Posted on 25th October 2012
Learning From Mistakes
When I was in year four I was mortified when I lost a mark on a spelling test because I got ‘raspberry’ wrong. I’d missed out the ‘p’ and I remember being really frustrated about it at the time as I usually got full marks in spelling tests. Despite missing out on a perfect score and being annoyed for the rest of the day, now I am really glad that happened because I always remember how to spell ‘raspberry’. That one mistake has etched the correct spelling in my mind forever.
There are hundreds of sayings about learning from your mistakes and how important it is to fail along the journey to succeeding and so on. In fact a while ago I wrote about how a number of schools are now doing classes on how to fail and turn stumbles and errors into positive learning experiences. Failing is becoming fashionable, (as long as it leads to doing better in the future).
In an ideal world we’d get everything correct all the time, but unfortunately we don’t live in an ideal world, far from it in fact. In order to get better at things we need to try our hardest as often as possible, and when things don’t go to plan we shouldn’t panic, or get depressed, but take a step back, look at what went wrong and think about how we can improve next time round. Sometimes this can be hard to do, especially when we suffer big disappointments, but hopefully over time we can let the pain fade and look at things more objectively.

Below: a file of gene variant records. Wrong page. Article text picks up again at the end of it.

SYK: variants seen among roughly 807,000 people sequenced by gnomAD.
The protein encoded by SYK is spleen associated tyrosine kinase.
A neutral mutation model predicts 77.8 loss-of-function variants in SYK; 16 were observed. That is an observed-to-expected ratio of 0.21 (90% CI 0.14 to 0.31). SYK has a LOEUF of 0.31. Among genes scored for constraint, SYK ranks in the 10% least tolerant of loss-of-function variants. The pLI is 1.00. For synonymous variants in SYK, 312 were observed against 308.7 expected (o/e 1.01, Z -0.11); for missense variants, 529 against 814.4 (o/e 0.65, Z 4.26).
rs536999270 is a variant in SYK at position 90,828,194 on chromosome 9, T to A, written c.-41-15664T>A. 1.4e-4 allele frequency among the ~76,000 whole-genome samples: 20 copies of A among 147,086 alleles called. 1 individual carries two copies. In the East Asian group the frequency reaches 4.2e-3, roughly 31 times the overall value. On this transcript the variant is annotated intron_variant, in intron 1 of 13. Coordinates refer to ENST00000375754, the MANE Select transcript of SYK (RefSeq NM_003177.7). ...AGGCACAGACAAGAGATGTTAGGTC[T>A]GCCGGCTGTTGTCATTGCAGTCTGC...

Recently I have been marking lots of mock 11+ English exams and writing reports on students’ papers. If you have recently sat a mock exam for the 11+, or indeed for any other exam, don’t despair if your mark isn’t as high as you’d hoped it would be. I have never marked a paper where there’s been nothing positive at all to say, and there is always something to be proud of. You should focus on the good comments in your reports and be pleased with what you have achieved.
Inevitably there will also be some comments about what wasn’t so successful, where you missed marks or could have approached things a bit differently. Please don’t let these things get you down; these comments are there to help you. Consider them carefully and as you study for the real exams, focus on the key areas that have been highlighted by the mock. There’s still plenty of time to improve and flagging up weaknesses now will give you the chance to strengthen your skills and dazzle in the forthcoming exams.